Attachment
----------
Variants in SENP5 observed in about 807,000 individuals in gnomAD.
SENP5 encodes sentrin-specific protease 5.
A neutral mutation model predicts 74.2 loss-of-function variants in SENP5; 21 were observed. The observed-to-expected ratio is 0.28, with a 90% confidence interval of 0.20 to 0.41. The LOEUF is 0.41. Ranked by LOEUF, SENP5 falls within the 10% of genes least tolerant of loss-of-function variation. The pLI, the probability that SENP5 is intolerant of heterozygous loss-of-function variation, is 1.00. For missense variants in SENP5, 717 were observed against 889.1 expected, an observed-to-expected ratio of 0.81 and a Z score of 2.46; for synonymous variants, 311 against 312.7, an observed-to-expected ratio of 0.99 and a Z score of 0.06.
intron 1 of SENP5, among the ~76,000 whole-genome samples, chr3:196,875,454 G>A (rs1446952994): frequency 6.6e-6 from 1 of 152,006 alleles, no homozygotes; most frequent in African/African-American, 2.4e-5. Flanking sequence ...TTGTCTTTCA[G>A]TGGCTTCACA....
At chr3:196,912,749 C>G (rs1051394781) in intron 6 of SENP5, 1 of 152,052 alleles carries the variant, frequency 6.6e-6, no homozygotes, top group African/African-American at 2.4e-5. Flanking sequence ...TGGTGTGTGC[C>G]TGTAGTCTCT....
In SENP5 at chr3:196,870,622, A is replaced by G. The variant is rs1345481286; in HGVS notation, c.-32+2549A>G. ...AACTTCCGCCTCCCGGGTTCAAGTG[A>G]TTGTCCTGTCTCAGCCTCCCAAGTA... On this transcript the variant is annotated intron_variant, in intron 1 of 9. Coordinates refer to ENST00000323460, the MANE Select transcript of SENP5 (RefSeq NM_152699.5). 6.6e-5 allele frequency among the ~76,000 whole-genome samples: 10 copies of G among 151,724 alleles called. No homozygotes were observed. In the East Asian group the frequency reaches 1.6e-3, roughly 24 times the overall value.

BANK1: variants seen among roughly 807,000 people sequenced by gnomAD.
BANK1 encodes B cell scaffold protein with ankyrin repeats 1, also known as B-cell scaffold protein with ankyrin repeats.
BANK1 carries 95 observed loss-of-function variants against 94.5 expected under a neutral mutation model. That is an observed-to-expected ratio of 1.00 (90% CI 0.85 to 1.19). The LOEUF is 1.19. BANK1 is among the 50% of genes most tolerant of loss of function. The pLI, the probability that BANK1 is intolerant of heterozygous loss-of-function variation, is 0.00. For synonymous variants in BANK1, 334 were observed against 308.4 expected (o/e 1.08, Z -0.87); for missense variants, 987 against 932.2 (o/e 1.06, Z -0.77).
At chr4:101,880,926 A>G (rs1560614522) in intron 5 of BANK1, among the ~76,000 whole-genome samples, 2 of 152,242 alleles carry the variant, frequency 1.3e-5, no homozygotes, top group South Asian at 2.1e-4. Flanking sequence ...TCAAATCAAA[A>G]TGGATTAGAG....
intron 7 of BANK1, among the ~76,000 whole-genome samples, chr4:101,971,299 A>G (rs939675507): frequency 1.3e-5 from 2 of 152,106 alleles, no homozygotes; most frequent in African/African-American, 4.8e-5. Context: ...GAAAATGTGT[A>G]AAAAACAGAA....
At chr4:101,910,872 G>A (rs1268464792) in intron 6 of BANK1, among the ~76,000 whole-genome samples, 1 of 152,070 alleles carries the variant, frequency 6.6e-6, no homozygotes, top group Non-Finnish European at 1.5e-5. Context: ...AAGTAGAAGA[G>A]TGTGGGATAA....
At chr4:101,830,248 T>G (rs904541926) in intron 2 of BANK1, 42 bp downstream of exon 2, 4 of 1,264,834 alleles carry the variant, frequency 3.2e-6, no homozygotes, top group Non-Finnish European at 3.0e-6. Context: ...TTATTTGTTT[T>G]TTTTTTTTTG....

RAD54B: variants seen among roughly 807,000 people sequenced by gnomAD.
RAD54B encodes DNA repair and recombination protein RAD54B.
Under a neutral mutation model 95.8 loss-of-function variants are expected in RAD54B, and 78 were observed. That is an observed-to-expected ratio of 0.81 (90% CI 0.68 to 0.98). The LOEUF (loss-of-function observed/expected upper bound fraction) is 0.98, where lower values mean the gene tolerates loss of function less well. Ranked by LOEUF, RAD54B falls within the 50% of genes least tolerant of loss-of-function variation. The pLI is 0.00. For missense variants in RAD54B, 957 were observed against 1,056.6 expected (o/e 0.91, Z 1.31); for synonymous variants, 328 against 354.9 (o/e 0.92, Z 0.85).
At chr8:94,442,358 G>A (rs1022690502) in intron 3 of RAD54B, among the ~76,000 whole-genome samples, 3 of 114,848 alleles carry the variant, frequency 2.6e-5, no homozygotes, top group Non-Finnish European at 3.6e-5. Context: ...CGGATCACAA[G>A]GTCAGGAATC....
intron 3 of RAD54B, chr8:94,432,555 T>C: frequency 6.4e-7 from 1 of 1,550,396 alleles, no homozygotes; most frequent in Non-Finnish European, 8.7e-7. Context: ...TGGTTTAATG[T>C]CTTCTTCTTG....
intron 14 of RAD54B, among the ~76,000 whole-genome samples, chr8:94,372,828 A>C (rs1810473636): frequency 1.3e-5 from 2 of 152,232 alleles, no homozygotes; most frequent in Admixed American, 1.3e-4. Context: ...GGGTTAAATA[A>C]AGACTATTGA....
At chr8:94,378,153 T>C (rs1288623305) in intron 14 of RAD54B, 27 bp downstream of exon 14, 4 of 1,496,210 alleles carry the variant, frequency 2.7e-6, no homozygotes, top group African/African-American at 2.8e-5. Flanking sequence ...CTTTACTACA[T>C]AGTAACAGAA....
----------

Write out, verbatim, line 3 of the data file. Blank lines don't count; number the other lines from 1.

A neutral mutation model predicts 74.2 loss-of-function variants in SENP5; 21 were observed. The observed-to-expected ratio is 0.28, with a 90% confidence interval of 0.20 to 0.41. The LOEUF is 0.41. Ranked by LOEUF, SENP5 falls within the 10% of genes least tolerant of loss-of-function variation. The pLI, the probability that SENP5 is intolerant of heterozygous loss-of-function variation, is 1.00. For missense variants in SENP5, 717 were observed against 889.1 expected, an observed-to-expected ratio of 0.81 and a Z score of 2.46; for synonymous variants, 311 against 312.7, an observed-to-expected ratio of 0.99 and a Z score of 0.06.